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Unearthly Floating Objects

The weird and wonderful jellyfish

By Nicholas R. Record

Photographs by Zoe Weil 

 

Zoe Weil, president of the Institute for Humane Education, photographs jellyfish such as this whitecross from her paddleboard. She holds her waterproof camera underwater and clicks away.

The two-masted schooner was sailing downeast, five miles off Great Wass Island, when its crew hauled a four-foot frame with a long trailing net up out of the water and onto the deck. Despite nearly an hour under tow, the net yielded a mere tablespoon of living matter. It was August 1912, and oceanographer Dr. Henry Bigelow had been towing nets all night, and for many days prior, to take stock of the sea life in the Gulf of Maine. Day after day, each tow had brought with it a rich abundance of animals. But here, at what he labeled Station 33, he was surprised to find only tiny Staurophora—a whitecross jellyfish.

For the next hundred miles, as he surveyed the waters of the gulf from Grand Manan Island down to Penobscot Bay, the pattern was the same—the oceanographer found a steady stream of jellyfish, and little else. He was mystified. “This was quite the contrary to what we expected, as the northeastern corner of the gulf and the Bay of Fundy have always been credited with a rich pelagic life,” he later wrote. “Our nets did not yield a single young fish along this whole stretch of coast.”

Only when he neared Monhegan Island, at Station 40, did his nets once again fill with abundance. Within the many volumes that Bigelow penned on the Gulf of Maine, his encounter with whitecross jellyfish is slightly more than a footnote. Since that time, that trend has continued—there has been surprisingly little documentation or research on jellyfish and other gelatinous animals in the Gulf of Maine.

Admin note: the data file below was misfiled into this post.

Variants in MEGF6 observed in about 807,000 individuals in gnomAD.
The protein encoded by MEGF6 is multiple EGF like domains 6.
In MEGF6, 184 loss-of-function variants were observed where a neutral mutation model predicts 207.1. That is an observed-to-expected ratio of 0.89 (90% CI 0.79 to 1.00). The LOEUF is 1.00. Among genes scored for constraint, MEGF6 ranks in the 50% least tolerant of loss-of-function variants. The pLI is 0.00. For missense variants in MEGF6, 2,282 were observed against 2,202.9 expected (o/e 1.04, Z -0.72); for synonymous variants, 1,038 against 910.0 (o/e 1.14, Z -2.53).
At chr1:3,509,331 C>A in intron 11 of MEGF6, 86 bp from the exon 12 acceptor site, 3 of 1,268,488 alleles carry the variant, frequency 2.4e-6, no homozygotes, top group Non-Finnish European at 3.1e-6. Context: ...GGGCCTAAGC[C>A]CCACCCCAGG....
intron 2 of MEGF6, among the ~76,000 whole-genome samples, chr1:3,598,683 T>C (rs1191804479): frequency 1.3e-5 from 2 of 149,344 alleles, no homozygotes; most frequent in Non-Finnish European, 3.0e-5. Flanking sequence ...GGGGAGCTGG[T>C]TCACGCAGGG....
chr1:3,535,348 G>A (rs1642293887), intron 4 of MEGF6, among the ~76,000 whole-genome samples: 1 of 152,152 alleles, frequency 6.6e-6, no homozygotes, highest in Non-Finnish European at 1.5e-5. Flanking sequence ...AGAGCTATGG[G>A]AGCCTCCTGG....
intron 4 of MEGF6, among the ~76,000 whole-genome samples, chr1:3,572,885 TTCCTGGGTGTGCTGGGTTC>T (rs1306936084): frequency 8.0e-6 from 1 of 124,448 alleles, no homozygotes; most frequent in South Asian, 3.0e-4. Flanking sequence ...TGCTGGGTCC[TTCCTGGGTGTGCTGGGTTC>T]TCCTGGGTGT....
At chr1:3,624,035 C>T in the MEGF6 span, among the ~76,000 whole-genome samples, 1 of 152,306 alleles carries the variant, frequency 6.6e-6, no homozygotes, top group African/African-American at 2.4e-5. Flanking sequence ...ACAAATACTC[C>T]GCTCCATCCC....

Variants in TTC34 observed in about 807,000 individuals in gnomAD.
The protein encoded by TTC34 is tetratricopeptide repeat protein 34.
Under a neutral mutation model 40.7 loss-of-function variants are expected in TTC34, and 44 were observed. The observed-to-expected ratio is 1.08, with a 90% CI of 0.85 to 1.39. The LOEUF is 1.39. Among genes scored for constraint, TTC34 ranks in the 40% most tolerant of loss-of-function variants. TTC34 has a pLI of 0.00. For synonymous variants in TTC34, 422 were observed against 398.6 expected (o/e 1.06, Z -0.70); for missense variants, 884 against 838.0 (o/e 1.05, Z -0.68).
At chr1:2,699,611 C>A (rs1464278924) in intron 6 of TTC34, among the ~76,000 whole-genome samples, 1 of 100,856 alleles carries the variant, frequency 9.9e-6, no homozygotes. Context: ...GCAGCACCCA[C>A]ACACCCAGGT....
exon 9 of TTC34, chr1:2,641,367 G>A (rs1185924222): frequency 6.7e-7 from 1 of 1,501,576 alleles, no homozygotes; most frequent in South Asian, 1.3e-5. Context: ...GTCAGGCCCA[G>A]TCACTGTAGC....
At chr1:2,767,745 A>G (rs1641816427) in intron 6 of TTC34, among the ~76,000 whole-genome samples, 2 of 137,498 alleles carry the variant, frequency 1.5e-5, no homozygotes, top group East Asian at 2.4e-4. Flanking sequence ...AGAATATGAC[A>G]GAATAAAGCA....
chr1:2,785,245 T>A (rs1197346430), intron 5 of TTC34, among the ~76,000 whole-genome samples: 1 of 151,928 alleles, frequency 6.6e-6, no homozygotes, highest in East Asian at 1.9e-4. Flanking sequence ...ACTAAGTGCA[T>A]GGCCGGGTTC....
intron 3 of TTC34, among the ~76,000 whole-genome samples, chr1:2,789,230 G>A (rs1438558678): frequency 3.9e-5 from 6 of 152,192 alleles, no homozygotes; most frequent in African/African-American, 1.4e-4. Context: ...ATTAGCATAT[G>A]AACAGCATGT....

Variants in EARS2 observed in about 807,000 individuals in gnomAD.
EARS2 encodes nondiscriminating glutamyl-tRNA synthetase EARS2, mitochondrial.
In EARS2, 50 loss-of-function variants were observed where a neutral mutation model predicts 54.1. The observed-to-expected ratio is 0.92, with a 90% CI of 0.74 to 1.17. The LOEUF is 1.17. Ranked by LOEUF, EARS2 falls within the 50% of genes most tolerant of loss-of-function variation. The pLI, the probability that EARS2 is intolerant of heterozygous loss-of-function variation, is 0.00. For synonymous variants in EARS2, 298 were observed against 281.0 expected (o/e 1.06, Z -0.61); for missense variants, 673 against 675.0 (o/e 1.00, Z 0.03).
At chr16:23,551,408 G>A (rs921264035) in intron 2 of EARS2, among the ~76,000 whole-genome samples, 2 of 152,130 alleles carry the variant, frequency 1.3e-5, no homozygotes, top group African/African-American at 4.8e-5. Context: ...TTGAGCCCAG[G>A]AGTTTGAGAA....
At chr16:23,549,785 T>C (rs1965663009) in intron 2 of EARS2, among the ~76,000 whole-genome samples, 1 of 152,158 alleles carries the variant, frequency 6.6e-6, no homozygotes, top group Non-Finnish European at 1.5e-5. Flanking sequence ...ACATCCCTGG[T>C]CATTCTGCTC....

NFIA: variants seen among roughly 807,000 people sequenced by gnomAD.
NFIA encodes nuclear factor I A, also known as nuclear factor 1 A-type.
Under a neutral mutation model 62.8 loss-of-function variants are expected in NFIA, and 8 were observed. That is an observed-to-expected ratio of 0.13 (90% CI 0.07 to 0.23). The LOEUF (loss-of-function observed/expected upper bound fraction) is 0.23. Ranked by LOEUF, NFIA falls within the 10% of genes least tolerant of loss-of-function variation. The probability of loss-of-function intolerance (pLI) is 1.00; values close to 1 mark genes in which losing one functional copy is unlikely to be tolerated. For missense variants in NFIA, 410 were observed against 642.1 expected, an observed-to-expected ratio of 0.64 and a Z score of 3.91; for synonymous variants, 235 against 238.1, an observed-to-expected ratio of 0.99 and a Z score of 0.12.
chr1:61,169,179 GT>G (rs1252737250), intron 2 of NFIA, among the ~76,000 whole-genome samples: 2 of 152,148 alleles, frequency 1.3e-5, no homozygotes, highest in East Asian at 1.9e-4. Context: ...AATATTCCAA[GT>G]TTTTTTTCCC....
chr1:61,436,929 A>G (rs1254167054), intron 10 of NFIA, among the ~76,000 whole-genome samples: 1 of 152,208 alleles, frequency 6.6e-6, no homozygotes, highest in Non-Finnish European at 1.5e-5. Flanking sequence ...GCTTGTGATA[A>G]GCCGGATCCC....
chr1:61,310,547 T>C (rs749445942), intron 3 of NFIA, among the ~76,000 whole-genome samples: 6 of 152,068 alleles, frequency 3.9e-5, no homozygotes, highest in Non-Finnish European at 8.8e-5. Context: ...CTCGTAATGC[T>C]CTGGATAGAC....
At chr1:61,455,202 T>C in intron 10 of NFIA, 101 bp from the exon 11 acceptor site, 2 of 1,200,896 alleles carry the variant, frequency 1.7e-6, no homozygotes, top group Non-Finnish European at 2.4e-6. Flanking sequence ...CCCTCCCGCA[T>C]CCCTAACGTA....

Comb jellies, such as this one found swimming off Lubec, can grow up to six inches long. Rows of cilia (tiny moveable hairs) divide the body into sections and help it move slowly through the water. The moving cilia refract light into a rainbow of colors.

Unlike the lion’s mane which has a painful sting, whitecross and moon jellies do not generally inflict pain. That has changed in recent years as jellyfish sightings have made headlines up and down the coast.

A century after Dr. Bigelow’s encounter, almost to the day, I had a similar experience to his. I was on a lobsterboat off Grand Manan Island in the summer of 2012, pulling nets with a group of Bowdoin College students. Each haul came up dense with the comb jelly Pleurobrachia. The following spring, in Harpswell Sound, it was the same. Our nets brought up nothing but Beroe, another comb jelly. 

While oceanographers like myself were scratching our heads, the sea jellies must have been busy. The next summer, 2014, brought with it a massive outbreak of moon jellyfish stretching from Casco Bay to the midcoast. Millions of jellyfish filled the sea, catching the attention of beachgoers and boaters across the state. I deployed a citizen-reporting network to track these events, and in 2015, received hundreds of reports, including a notable outbreak of millions of whitecross jellyfish downeast, quite close to the location of Bigelow’s observations 103 years earlier.

Intuition tells us that such outbreaks are a sign of an unhealthy ocean. While there is no single cause for jellyfish blooms, they are often associated with warming waters, low oxygen, overfishing, or heavy coastal development. Massive outbreaks of jellyfish can cause problems beyond the annoyance of beachgoers. In Japan, for example, large populations of jellyfish have been known to clog fishing nets and diminish the catch. In the Black Sea, an invasive comb jelly contributed to the collapse of other fisheries. In the United Kingdom, jellyfish have wiped out farmed fish on a staggering scale. And in Sweden and elsewhere, they have clogged the cooling intakes of nuclear power plants, causing shutdowns. 

There were reports of swarms of both moon and whitecross jellyfish last summer in downeast Maine and also in Canada, where they clogged fishing weirs in the Bay of Fundy. This photo was taken in Charlottetown, Prince Edward Island, on July 4. “They were very close to the boardwalk pylons and boats, and more kept arriving in the 15 minutes or so that we stood and watched,” said Jacky McGowan, who took the photo.

Zoe Weil of Surry photographed this lion’s mane jellyfish in Patten Bay last July. She said she saw more lion’s manes last summer than she had in the past 18 years. For all of these reasons, it’s common to think of sea jellies as a nuisance and to overlook the absolutely fascinating world they create.